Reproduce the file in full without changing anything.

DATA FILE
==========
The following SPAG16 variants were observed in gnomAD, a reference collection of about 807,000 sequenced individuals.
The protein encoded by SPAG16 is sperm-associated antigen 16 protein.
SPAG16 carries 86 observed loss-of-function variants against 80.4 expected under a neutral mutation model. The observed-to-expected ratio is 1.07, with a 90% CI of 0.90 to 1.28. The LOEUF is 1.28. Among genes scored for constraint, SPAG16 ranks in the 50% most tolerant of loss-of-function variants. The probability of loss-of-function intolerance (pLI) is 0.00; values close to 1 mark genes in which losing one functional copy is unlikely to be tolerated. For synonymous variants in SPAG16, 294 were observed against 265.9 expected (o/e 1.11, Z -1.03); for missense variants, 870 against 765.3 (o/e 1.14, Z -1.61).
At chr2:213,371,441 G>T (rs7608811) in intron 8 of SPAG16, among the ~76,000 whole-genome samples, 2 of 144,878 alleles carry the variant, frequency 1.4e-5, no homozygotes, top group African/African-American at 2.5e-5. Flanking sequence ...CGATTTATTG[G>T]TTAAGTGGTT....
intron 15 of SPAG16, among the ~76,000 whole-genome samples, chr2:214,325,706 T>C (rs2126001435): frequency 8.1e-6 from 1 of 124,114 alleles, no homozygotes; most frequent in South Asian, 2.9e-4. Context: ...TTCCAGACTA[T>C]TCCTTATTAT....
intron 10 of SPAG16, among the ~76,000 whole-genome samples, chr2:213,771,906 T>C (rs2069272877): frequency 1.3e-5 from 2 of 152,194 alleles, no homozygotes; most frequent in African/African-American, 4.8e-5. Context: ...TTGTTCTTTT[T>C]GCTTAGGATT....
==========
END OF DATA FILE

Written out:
The following SPAG16 variants were observed in gnomAD, a reference collection of about 807,000 sequenced individuals.
The protein encoded by SPAG16 is sperm-associated antigen 16 protein.
SPAG16 carries 86 observed loss-of-function variants against 80.4 expected under a neutral mutation model. The observed-to-expected ratio is 1.07, with a 90% CI of 0.90 to 1.28. The LOEUF is 1.28. Among genes scored for constraint, SPAG16 ranks in the 50% most tolerant of loss-of-function variants. The probability of loss-of-function intolerance (pLI) is 0.00; values close to 1 mark genes in which losing one functional copy is unlikely to be tolerated. For synonymous variants in SPAG16, 294 were observed against 265.9 expected (o/e 1.11, Z -1.03); for missense variants, 870 against 765.3 (o/e 1.14, Z -1.61).
At chr2:213,371,441 G>T (rs7608811) in intron 8 of SPAG16, among the ~76,000 whole-genome samples, 2 of 144,878 alleles carry the variant, frequency 1.4e-5, no homozygotes, top group African/African-American at 2.5e-5. Flanking sequence ...CGATTTATTG[G>T]TTAAGTGGTT....
intron 15 of SPAG16, among the ~76,000 whole-genome samples, chr2:214,325,706 T>C (rs2126001435): frequency 8.1e-6 from 1 of 124,114 alleles, no homozygotes; most frequent in South Asian, 2.9e-4. Context: ...TTCCAGACTA[T>C]TCCTTATTAT....
intron 10 of SPAG16, among the ~76,000 whole-genome samples, chr2:213,771,906 T>C (rs2069272877): frequency 1.3e-5 from 2 of 152,194 alleles, no homozygotes; most frequent in African/African-American, 4.8e-5. Context: ...TTGTTCTTTT[T>C]GCTTAGGATT....